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I have a dictionary of keys like A1-A15, B1-B15 etc. Running dictionary.keys().sort() results in A1, A10, A11 ...

def sort_keys(dictionary):
    keys = dictionary.keys()
    keys.sort()
    return map(dictionary.get, keys)

How do I sort it so that they get in the right order, ie A1, A2, A3 ... ?

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3 Answers 3

up vote 8 down vote accepted
keys.sort(key=lambda k:(k[0], int(k[1:])) )

Edit: This will fail in the keys are not like A23, e.g. AA12 will stop the program. In the general case, see Python analog of natsort function (sort a list using a "natural order" algorithm).

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Beautiful, man! –  Erik Kronberg Nov 23 '10 at 8:00
    
That's fine, the keys will always be the same. This is very readable and the kind of thing I was looking for. –  Erik Kronberg Nov 23 '10 at 8:25
    
Or, (a slight varient): keys.sort(key=lambda x:x[0]+x[1:].zfill(5)) (moved from an answer on a suggestion by @AalokParikh) –  JesseW Aug 19 '12 at 23:55

dictionary.keys() return a list and you can sort list by your own function:

>>> a = [(u'we', 'PRP'), (u'saw', 'VBD'), (u'you', 'PRP'), (u'bruh', 'VBP'), (u'.', '.')]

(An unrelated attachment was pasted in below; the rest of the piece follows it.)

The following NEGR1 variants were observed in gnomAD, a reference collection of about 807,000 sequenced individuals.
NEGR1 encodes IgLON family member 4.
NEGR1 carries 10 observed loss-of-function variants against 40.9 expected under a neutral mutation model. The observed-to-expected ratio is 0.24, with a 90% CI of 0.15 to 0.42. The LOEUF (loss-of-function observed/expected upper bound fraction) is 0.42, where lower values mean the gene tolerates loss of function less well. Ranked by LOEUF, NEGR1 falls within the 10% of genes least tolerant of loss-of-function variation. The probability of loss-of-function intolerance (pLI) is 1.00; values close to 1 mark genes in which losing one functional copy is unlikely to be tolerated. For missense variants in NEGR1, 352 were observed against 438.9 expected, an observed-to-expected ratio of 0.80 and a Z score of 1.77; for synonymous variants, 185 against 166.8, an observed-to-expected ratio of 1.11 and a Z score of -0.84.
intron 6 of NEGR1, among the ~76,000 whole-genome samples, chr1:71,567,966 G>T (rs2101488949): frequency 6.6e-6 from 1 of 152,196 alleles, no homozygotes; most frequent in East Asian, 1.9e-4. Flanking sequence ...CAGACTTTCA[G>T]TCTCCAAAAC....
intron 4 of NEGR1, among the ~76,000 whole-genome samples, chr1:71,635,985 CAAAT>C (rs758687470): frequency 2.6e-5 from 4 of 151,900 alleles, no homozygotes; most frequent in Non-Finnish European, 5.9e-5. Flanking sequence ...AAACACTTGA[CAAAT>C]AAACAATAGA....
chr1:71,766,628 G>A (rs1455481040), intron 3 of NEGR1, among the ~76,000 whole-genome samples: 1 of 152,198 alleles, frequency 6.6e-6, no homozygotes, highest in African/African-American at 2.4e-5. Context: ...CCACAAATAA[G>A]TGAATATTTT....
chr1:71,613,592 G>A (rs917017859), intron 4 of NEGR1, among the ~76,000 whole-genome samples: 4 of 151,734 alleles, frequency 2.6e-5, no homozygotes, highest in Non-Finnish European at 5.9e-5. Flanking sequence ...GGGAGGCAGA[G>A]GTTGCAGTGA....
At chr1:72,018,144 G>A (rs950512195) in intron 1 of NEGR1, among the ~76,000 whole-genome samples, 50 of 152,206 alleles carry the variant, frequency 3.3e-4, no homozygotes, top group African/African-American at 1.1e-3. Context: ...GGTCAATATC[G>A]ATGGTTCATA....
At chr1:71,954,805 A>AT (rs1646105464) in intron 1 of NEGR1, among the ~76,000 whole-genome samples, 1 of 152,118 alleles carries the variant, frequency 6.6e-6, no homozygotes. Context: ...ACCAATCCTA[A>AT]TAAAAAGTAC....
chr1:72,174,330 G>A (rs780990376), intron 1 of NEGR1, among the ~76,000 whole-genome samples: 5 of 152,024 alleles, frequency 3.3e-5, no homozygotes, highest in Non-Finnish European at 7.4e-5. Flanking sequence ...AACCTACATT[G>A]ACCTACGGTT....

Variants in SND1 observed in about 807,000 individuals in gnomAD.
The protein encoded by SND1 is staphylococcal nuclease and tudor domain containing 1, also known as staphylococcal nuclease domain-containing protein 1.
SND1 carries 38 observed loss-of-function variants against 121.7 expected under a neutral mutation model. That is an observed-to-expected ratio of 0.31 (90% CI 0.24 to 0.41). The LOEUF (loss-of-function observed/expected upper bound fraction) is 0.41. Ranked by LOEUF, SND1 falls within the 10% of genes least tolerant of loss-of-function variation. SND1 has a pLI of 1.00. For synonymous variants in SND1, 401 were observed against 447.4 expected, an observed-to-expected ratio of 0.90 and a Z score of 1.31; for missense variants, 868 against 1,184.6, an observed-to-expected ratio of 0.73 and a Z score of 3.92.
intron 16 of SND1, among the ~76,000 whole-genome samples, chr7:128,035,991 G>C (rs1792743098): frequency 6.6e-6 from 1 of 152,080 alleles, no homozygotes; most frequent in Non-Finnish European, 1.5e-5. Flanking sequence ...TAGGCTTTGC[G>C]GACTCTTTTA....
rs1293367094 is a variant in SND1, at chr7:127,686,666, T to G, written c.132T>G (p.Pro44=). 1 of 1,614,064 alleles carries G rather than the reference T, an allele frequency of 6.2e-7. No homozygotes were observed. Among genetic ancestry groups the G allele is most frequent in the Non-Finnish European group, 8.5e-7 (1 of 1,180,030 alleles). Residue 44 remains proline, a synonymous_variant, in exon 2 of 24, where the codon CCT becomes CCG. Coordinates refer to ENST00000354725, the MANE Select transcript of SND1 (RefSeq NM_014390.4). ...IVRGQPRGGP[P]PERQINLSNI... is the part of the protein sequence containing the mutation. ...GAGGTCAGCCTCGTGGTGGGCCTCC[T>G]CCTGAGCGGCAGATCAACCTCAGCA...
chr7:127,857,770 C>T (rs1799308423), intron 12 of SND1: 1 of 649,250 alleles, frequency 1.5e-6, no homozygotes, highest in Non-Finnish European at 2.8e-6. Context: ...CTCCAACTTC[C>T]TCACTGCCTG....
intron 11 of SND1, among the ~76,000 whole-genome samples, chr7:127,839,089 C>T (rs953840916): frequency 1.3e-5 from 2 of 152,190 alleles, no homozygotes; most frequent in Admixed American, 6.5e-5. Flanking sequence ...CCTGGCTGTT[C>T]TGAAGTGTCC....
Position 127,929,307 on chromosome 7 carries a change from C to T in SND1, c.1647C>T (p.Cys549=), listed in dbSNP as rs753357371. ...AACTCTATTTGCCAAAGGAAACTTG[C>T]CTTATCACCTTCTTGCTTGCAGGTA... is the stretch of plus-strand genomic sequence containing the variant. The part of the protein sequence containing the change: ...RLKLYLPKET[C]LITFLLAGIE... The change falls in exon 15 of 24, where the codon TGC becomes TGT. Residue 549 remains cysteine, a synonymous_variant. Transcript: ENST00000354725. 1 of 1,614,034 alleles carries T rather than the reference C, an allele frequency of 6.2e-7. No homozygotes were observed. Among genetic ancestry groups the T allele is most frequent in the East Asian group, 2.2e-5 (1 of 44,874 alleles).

>>> import operator
>>> a.sort(key = operator.itemgetter(1))
>>> a
[(u'.', '.'), (u'we', 'PRP'), (u'you', 'PRP'), (u'saw', 'VBD'), (u'bruh', 'VBP')]*
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You need OrderedDict from collections in 2.7 +

>>> # regular unsorted dictionary
>>> d = {'banana': 3, 'apple':4, 'pear': 1, 'orange': 2}

>>> # dictionary sorted by key
>>> OrderedDict(sorted(d.items(), key=lambda t: t[0]))
OrderedDict([('apple', 4), ('banana', 3), ('orange', 2), ('pear', 1)])

>>> # dictionary sorted by value
>>> OrderedDict(sorted(d.items(), key=lambda t: t[1]))
OrderedDict([('pear', 1), ('orange', 2), ('banana', 3), ('apple', 4)])

>>> # dictionary sorted by length of the key string
>>> OrderedDict(sorted(d.items(), key=lambda t: len(t[0])))
OrderedDict([('pear', 1), ('apple', 4), ('orange', 2), ('banana', 3)])
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